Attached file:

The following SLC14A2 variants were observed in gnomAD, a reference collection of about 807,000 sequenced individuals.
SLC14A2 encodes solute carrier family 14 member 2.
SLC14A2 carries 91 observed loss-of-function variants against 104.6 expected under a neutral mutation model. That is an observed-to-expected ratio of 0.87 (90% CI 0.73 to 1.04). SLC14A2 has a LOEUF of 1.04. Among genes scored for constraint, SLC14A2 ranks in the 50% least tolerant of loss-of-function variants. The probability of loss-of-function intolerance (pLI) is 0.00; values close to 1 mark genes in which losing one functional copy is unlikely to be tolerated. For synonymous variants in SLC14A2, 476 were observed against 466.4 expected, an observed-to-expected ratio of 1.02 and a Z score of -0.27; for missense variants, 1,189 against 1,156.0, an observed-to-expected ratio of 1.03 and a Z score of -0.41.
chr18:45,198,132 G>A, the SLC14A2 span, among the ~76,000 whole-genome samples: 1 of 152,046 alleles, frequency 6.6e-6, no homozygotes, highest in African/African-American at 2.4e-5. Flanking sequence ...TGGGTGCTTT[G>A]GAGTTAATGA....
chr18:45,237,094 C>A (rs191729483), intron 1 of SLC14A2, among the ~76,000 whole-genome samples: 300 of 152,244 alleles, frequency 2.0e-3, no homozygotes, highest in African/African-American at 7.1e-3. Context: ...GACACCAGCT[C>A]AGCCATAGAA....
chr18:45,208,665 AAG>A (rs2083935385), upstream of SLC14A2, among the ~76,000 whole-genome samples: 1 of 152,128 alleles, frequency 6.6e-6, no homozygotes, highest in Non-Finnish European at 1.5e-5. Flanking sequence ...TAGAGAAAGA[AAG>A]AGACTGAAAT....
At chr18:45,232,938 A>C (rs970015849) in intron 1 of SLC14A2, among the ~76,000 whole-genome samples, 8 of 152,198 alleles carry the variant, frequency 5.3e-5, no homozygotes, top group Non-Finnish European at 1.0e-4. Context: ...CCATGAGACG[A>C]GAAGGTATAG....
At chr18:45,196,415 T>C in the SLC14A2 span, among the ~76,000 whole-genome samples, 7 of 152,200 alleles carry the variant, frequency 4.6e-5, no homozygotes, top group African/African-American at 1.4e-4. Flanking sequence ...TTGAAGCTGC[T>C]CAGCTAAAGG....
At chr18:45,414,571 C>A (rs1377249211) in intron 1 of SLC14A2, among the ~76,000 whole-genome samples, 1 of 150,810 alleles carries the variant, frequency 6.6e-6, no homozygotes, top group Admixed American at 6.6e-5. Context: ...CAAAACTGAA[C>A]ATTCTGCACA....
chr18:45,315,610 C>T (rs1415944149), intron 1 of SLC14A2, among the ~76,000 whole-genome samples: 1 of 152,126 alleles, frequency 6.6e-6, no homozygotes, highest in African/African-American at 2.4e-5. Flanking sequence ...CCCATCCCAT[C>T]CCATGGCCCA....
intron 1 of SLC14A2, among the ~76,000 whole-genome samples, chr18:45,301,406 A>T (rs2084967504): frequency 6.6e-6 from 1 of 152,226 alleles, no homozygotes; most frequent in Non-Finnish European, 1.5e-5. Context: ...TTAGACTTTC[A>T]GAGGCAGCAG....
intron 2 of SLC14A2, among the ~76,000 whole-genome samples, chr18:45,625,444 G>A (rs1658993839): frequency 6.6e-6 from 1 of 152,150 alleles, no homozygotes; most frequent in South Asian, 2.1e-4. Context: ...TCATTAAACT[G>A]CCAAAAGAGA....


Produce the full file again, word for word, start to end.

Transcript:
The following SLC14A2 variants were observed in gnomAD, a reference collection of about 807,000 sequenced individuals.
SLC14A2 encodes solute carrier family 14 member 2.
SLC14A2 carries 91 observed loss-of-function variants against 104.6 expected under a neutral mutation model. That is an observed-to-expected ratio of 0.87 (90% CI 0.73 to 1.04). SLC14A2 has a LOEUF of 1.04. Among genes scored for constraint, SLC14A2 ranks in the 50% least tolerant of loss-of-function variants. The probability of loss-of-function intolerance (pLI) is 0.00; values close to 1 mark genes in which losing one functional copy is unlikely to be tolerated. For synonymous variants in SLC14A2, 476 were observed against 466.4 expected, an observed-to-expected ratio of 1.02 and a Z score of -0.27; for missense variants, 1,189 against 1,156.0, an observed-to-expected ratio of 1.03 and a Z score of -0.41.
chr18:45,198,132 G>A, the SLC14A2 span, among the ~76,000 whole-genome samples: 1 of 152,046 alleles, frequency 6.6e-6, no homozygotes, highest in African/African-American at 2.4e-5. Flanking sequence ...TGGGTGCTTT[G>A]GAGTTAATGA....
chr18:45,237,094 C>A (rs191729483), intron 1 of SLC14A2, among the ~76,000 whole-genome samples: 300 of 152,244 alleles, frequency 2.0e-3, no homozygotes, highest in African/African-American at 7.1e-3. Context: ...GACACCAGCT[C>A]AGCCATAGAA....
chr18:45,208,665 AAG>A (rs2083935385), upstream of SLC14A2, among the ~76,000 whole-genome samples: 1 of 152,128 alleles, frequency 6.6e-6, no homozygotes, highest in Non-Finnish European at 1.5e-5. Flanking sequence ...TAGAGAAAGA[AAG>A]AGACTGAAAT....
At chr18:45,232,938 A>C (rs970015849) in intron 1 of SLC14A2, among the ~76,000 whole-genome samples, 8 of 152,198 alleles carry the variant, frequency 5.3e-5, no homozygotes, top group Non-Finnish European at 1.0e-4. Context: ...CCATGAGACG[A>C]GAAGGTATAG....
At chr18:45,196,415 T>C in the SLC14A2 span, among the ~76,000 whole-genome samples, 7 of 152,200 alleles carry the variant, frequency 4.6e-5, no homozygotes, top group African/African-American at 1.4e-4. Flanking sequence ...TTGAAGCTGC[T>C]CAGCTAAAGG....
At chr18:45,414,571 C>A (rs1377249211) in intron 1 of SLC14A2, among the ~76,000 whole-genome samples, 1 of 150,810 alleles carries the variant, frequency 6.6e-6, no homozygotes, top group Admixed American at 6.6e-5. Context: ...CAAAACTGAA[C>A]ATTCTGCACA....
chr18:45,315,610 C>T (rs1415944149), intron 1 of SLC14A2, among the ~76,000 whole-genome samples: 1 of 152,126 alleles, frequency 6.6e-6, no homozygotes, highest in African/African-American at 2.4e-5. Flanking sequence ...CCCATCCCAT[C>T]CCATGGCCCA....
intron 1 of SLC14A2, among the ~76,000 whole-genome samples, chr18:45,301,406 A>T (rs2084967504): frequency 6.6e-6 from 1 of 152,226 alleles, no homozygotes; most frequent in Non-Finnish European, 1.5e-5. Context: ...TTAGACTTTC[A>T]GAGGCAGCAG....
intron 2 of SLC14A2, among the ~76,000 whole-genome samples, chr18:45,625,444 G>A (rs1658993839): frequency 6.6e-6 from 1 of 152,150 alleles, no homozygotes; most frequent in South Asian, 2.1e-4. Context: ...TCATTAAACT[G>A]CCAAAAGAGA....